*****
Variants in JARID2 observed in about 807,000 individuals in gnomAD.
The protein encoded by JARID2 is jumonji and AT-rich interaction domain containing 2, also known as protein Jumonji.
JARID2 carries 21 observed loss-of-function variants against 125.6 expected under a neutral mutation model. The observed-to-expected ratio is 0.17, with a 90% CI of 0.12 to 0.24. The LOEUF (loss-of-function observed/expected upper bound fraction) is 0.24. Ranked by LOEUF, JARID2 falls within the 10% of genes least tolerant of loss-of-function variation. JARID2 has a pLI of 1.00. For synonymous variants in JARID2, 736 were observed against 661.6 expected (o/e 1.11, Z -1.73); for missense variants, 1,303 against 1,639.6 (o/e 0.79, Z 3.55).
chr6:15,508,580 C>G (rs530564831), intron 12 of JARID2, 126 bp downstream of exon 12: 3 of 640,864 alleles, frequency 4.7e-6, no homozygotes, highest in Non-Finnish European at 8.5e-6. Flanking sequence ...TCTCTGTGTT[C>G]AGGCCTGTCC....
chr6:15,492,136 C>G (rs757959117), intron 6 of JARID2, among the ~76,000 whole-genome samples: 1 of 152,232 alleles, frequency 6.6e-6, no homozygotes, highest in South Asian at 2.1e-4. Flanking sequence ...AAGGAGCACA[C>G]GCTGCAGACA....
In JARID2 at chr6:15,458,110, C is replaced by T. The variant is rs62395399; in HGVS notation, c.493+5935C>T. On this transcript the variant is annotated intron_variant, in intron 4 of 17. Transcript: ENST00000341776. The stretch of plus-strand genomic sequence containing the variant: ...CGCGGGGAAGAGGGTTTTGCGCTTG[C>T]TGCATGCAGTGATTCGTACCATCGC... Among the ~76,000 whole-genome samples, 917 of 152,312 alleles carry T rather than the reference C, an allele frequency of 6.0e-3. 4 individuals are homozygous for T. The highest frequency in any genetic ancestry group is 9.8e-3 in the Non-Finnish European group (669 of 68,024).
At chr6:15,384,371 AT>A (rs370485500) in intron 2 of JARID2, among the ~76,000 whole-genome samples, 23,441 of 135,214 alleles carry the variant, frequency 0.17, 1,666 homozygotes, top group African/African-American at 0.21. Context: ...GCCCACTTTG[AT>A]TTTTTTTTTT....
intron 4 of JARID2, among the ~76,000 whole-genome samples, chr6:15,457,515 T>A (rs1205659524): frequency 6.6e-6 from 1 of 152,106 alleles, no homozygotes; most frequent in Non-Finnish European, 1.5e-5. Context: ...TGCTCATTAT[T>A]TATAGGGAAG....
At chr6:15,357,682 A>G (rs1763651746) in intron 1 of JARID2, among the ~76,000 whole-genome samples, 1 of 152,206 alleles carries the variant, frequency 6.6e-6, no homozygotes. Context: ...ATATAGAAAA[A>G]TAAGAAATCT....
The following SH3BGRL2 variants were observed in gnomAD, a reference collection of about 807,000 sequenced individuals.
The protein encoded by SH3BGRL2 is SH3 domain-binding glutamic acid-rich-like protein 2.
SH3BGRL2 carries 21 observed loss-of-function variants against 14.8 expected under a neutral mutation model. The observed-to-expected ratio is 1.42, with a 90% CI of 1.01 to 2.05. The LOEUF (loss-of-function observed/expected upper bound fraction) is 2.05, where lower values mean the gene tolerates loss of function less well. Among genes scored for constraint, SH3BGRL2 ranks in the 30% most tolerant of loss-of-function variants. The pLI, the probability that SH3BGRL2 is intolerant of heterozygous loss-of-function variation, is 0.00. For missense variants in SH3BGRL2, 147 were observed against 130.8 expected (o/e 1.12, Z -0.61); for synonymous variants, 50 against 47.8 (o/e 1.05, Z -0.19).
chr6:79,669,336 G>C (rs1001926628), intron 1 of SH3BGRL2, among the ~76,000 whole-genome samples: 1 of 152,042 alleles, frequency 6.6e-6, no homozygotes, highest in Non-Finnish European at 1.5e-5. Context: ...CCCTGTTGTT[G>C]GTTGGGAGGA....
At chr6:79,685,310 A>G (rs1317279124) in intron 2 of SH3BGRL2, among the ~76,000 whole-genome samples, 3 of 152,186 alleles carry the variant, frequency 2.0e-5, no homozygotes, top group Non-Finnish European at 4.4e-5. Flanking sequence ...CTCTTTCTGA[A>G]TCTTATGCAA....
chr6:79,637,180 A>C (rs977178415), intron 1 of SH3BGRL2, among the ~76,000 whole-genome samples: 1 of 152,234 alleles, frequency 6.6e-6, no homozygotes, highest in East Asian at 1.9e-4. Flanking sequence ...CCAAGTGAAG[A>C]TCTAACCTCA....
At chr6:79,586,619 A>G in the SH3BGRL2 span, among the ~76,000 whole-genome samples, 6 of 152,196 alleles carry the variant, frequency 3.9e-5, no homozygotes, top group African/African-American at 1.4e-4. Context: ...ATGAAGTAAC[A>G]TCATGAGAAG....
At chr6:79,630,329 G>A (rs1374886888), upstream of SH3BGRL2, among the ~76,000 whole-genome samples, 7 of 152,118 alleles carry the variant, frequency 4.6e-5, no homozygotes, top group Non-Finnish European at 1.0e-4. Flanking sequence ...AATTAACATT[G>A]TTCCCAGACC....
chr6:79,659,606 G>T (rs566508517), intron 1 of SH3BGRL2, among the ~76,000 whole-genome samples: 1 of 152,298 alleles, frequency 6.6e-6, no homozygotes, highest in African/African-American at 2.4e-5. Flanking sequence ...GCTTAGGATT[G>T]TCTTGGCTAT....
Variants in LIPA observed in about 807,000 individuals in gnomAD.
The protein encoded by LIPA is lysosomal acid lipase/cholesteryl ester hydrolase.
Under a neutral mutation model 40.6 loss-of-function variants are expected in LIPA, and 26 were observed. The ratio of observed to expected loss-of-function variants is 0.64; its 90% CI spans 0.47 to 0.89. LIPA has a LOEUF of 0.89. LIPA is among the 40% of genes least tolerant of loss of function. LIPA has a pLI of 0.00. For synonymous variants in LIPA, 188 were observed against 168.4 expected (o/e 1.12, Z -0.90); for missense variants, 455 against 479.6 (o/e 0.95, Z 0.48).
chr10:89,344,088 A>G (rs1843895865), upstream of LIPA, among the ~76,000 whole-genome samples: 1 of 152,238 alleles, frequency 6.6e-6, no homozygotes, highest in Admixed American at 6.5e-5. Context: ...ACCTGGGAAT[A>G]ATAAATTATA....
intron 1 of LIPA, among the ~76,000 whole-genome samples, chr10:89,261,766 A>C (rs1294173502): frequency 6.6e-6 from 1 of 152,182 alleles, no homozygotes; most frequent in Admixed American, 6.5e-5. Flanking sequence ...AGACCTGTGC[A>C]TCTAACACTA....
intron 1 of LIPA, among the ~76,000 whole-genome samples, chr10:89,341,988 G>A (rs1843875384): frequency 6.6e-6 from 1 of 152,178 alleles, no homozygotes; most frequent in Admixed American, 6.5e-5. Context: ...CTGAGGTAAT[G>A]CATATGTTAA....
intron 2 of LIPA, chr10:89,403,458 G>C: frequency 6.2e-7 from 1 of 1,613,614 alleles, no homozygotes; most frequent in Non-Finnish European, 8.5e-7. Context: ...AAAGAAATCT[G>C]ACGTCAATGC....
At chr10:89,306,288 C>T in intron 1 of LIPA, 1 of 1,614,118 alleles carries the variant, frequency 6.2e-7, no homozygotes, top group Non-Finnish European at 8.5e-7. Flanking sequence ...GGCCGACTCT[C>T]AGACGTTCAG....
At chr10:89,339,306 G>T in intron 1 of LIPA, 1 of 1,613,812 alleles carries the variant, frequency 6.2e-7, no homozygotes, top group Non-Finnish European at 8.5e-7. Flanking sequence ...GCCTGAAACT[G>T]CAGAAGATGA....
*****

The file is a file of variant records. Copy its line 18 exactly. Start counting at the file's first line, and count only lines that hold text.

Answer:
chr6:79,659,606 G>T (rs566508517), intron 1 of SH3BGRL2, among the ~76,000 whole-genome samples: 1 of 152,298 alleles, frequency 6.6e-6, no homozygotes, highest in African/African-American at 2.4e-5. Flanking sequence ...GCTTAGGATT[G>T]TCTTGGCTAT....